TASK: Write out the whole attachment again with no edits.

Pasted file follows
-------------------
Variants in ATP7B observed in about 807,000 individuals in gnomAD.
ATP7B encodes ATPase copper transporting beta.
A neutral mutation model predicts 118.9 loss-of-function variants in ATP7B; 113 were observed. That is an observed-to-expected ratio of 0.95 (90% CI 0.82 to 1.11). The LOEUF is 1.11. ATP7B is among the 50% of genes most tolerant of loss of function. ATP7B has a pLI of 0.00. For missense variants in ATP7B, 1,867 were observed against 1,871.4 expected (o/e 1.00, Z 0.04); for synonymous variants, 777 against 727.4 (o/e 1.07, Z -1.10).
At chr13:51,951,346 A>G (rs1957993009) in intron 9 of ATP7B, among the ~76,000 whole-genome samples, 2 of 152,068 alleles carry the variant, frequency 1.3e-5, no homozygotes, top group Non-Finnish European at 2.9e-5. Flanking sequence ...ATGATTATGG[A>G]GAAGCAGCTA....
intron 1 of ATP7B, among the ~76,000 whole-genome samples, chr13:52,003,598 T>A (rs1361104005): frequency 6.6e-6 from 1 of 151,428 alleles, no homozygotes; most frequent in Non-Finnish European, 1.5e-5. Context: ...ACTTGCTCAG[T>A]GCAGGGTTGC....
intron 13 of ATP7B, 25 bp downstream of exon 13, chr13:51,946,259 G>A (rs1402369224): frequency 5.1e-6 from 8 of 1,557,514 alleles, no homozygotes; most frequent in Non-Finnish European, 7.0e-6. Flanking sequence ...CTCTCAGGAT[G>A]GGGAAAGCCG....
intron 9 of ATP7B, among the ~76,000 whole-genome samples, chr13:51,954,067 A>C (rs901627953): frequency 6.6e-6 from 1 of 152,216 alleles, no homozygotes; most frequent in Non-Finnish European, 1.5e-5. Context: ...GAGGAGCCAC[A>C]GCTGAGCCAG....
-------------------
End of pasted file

Variants in ATP7B observed in about 807,000 individuals in gnomAD.
ATP7B encodes ATPase copper transporting beta.
A neutral mutation model predicts 118.9 loss-of-function variants in ATP7B; 113 were observed. That is an observed-to-expected ratio of 0.95 (90% CI 0.82 to 1.11). The LOEUF is 1.11. ATP7B is among the 50% of genes most tolerant of loss of function. ATP7B has a pLI of 0.00. For missense variants in ATP7B, 1,867 were observed against 1,871.4 expected (o/e 1.00, Z 0.04); for synonymous variants, 777 against 727.4 (o/e 1.07, Z -1.10).
At chr13:51,951,346 A>G (rs1957993009) in intron 9 of ATP7B, among the ~76,000 whole-genome samples, 2 of 152,068 alleles carry the variant, frequency 1.3e-5, no homozygotes, top group Non-Finnish European at 2.9e-5. Flanking sequence ...ATGATTATGG[A>G]GAAGCAGCTA....
intron 1 of ATP7B, among the ~76,000 whole-genome samples, chr13:52,003,598 T>A (rs1361104005): frequency 6.6e-6 from 1 of 151,428 alleles, no homozygotes; most frequent in Non-Finnish European, 1.5e-5. Context: ...ACTTGCTCAG[T>A]GCAGGGTTGC....
intron 13 of ATP7B, 25 bp downstream of exon 13, chr13:51,946,259 G>A (rs1402369224): frequency 5.1e-6 from 8 of 1,557,514 alleles, no homozygotes; most frequent in Non-Finnish European, 7.0e-6. Flanking sequence ...CTCTCAGGAT[G>A]GGGAAAGCCG....
intron 9 of ATP7B, among the ~76,000 whole-genome samples, chr13:51,954,067 A>C (rs901627953): frequency 6.6e-6 from 1 of 152,216 alleles, no homozygotes; most frequent in Non-Finnish European, 1.5e-5. Context: ...GAGGAGCCAC[A>C]GCTGAGCCAG....